Please enter your User ID and Password to login.Close
Breeding a better cow
Data has always been a staple in agriculture. Even the early farmers kept track of the weather, how much milk their cows gave and the health of their herd. Over the centuries, data’s role in dairying has increased exponentially, with the collection of data employing the latest technology.
Today, the importance of data and technology is most evident in the field of dairy cattle genetics. From the establishment of the Dairy Herd Improvement Association (DHIA) in the early 1900s to the recent use of genomics, the advancement in technology has profoundly impacted the nation’s dairy herd.
“Cows are much more productive than 20 years ago, averaging 203 pounds more protein per lactation, with 114 pounds, or 55 percent, of that improvement due to genetic selection,” says Paul VanRaden, a research geneticist with U.S. Department of Agriculture’s (USDA) Animal Improvement Programs Laboratory.
As any dairy farmer knows, a good breeding program is key to a profitable farm. Breeding decisions are based on knowledge of a bull’s or cow’s health traits, milk production, reproductive health and more. Since the early 1900s, this data has been available through DHIA, which created a national database for production information. While this information still plays an important role in producers’ breeding programs, new technology has allowed dairy farmers to get more information faster.
“Genomics uses thousands of genetic markers distributed across all chromosomes to predict the traits of each animal by examining the actual DNA that it inherited,” VanRaden says. “Breeders previously used two sources of information: measured traits and animal pedigrees. Genomics provides a third source of information, allowing more accurate selection earlier in life. This increases the value of younger animals relative to older animals.”
The Steiner family, owners of Dairy Farmers of America member dairy Pine Tree Dairy in Rittman, Ohio, are already seeing the benefits of the relatively new technology.
“We send samples from approximately 20-plus heifers and 20-plus bulls each month for genomic testing,” says Ethan Steiner, one of seven Steiner brothers and four sisters who operate the dairy with their father, Matthew. “In today’s market, it’s the only way to market high-end genetics. Our calves are tested in their first month of life, so it really lets us get information fast.”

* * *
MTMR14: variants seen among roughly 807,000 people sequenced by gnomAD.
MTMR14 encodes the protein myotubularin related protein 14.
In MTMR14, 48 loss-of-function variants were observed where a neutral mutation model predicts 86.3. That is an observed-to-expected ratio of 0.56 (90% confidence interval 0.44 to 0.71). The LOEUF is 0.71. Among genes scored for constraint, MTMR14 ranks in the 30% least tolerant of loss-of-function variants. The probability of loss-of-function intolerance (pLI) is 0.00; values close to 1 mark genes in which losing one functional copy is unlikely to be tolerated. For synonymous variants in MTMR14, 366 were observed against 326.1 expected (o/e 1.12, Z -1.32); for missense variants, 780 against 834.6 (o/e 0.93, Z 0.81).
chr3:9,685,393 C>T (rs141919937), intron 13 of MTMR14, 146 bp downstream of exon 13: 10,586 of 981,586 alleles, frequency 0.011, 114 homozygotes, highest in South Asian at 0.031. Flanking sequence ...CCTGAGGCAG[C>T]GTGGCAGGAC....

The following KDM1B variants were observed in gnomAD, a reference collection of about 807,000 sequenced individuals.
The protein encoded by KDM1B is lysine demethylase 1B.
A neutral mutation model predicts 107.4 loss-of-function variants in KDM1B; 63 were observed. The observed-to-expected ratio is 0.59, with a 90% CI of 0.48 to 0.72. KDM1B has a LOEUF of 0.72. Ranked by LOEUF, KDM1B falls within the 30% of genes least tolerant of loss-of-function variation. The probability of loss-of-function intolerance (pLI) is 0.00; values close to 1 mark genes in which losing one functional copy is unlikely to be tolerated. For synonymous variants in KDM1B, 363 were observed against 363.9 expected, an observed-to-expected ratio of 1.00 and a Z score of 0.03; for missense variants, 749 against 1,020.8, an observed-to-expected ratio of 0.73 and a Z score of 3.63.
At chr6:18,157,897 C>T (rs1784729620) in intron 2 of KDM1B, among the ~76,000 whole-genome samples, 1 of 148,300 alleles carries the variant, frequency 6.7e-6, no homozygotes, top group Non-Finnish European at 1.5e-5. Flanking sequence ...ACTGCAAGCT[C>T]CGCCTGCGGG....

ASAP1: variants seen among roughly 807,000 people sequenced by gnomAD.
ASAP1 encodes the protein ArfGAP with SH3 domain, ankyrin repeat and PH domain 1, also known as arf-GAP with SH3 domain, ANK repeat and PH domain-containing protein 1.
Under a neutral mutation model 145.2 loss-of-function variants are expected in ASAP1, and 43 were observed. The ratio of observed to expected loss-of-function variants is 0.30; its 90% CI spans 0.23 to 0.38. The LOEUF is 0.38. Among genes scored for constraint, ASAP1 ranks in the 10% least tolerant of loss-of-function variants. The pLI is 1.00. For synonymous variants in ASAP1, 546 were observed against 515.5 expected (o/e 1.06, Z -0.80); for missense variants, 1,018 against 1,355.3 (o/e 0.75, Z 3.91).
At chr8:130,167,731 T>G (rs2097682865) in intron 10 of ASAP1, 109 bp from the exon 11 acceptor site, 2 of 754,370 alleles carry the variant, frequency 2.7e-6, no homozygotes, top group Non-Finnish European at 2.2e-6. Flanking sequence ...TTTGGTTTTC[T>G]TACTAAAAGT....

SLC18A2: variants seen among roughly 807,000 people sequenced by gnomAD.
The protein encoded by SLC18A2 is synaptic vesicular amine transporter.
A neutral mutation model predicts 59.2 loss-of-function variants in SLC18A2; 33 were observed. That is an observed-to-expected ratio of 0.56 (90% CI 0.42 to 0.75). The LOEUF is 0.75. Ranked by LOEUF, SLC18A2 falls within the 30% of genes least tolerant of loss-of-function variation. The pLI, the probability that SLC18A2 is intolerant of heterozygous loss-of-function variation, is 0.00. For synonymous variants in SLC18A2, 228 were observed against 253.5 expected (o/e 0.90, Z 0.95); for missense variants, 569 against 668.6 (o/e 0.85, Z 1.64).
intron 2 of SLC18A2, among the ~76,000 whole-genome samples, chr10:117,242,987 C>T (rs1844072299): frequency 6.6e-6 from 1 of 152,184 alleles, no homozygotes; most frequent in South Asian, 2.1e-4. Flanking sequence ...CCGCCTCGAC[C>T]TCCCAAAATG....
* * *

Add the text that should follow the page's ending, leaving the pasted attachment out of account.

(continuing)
The Steiners use the genomic evaluations when selling their bulls for stud or developing embryos for sale throughout the world. Since the 1980s, the Steiners have been building their genetics business, expanding to embryo transfers in the early 2000s.
“As the technology gets more cost effective, you get better cows and more offspring,” Ethan says. “That increases the quality of our herd and gives us more opportunities.”
In 2006, the Steiners decided to expand their market by becoming European Union certified, which allows them to export their dairy’s embryos.
“Europe and Japan are large players,” Luke Steiner says. “We decided to ship overseas because it opens up a bigger market to us, which allows us to be more profitable.”
The certification process includes routine inspections of their facilities and following specific protocols.
In addition, the dairy has become a satellite facility for a large breeding company to perform in vitro fertilization (IVF) embryo transfer.
“IVF allows cows to make more embryos and is less invasive to the cow,” Ethan says.
The study of genomics in dairy cattle breeding began five years ago with researchers working in collaboration with breeding companies to find practical applications of the new genomic technology.
“The human genome project had developed the technology to look at large-scale genetic material fairly cheaply,” says Curt Van Tassell, a research geneticist with USDA. “My role was two-fold. It was to be a cheerleader to keep the project moving and to help design the DNA chip and pick the markers we were looking for. The larger project took that information and integrated it with performance data in the DHIA pipeline and genetic evaluation. The result has really altered the paradigm of genetic improvement in livestock.”